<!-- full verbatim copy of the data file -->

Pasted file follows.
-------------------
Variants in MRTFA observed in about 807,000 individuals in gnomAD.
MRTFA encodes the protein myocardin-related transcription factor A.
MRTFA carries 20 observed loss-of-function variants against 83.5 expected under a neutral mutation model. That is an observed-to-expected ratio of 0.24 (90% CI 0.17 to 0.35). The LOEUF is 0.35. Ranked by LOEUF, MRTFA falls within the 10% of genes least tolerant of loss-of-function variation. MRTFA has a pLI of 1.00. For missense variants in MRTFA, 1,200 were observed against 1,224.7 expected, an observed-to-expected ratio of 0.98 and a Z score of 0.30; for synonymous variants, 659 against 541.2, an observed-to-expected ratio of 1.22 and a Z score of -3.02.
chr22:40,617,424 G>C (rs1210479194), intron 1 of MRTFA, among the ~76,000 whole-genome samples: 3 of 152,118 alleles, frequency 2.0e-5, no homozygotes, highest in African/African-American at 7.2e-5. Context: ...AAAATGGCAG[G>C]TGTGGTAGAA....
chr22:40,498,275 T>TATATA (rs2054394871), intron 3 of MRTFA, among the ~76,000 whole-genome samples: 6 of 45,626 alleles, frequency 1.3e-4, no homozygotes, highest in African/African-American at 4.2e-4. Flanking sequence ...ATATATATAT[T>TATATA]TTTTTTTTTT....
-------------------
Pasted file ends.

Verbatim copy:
Variants in MRTFA observed in about 807,000 individuals in gnomAD.
MRTFA encodes the protein myocardin-related transcription factor A.
MRTFA carries 20 observed loss-of-function variants against 83.5 expected under a neutral mutation model. That is an observed-to-expected ratio of 0.24 (90% CI 0.17 to 0.35). The LOEUF is 0.35. Ranked by LOEUF, MRTFA falls within the 10% of genes least tolerant of loss-of-function variation. MRTFA has a pLI of 1.00. For missense variants in MRTFA, 1,200 were observed against 1,224.7 expected, an observed-to-expected ratio of 0.98 and a Z score of 0.30; for synonymous variants, 659 against 541.2, an observed-to-expected ratio of 1.22 and a Z score of -3.02.
chr22:40,617,424 G>C (rs1210479194), intron 1 of MRTFA, among the ~76,000 whole-genome samples: 3 of 152,118 alleles, frequency 2.0e-5, no homozygotes, highest in African/African-American at 7.2e-5. Context: ...AAAATGGCAG[G>C]TGTGGTAGAA....
chr22:40,498,275 T>TATATA (rs2054394871), intron 3 of MRTFA, among the ~76,000 whole-genome samples: 6 of 45,626 alleles, frequency 1.3e-4, no homozygotes, highest in African/African-American at 4.2e-4. Flanking sequence ...ATATATATAT[T>TATATA]TTTTTTTTTT....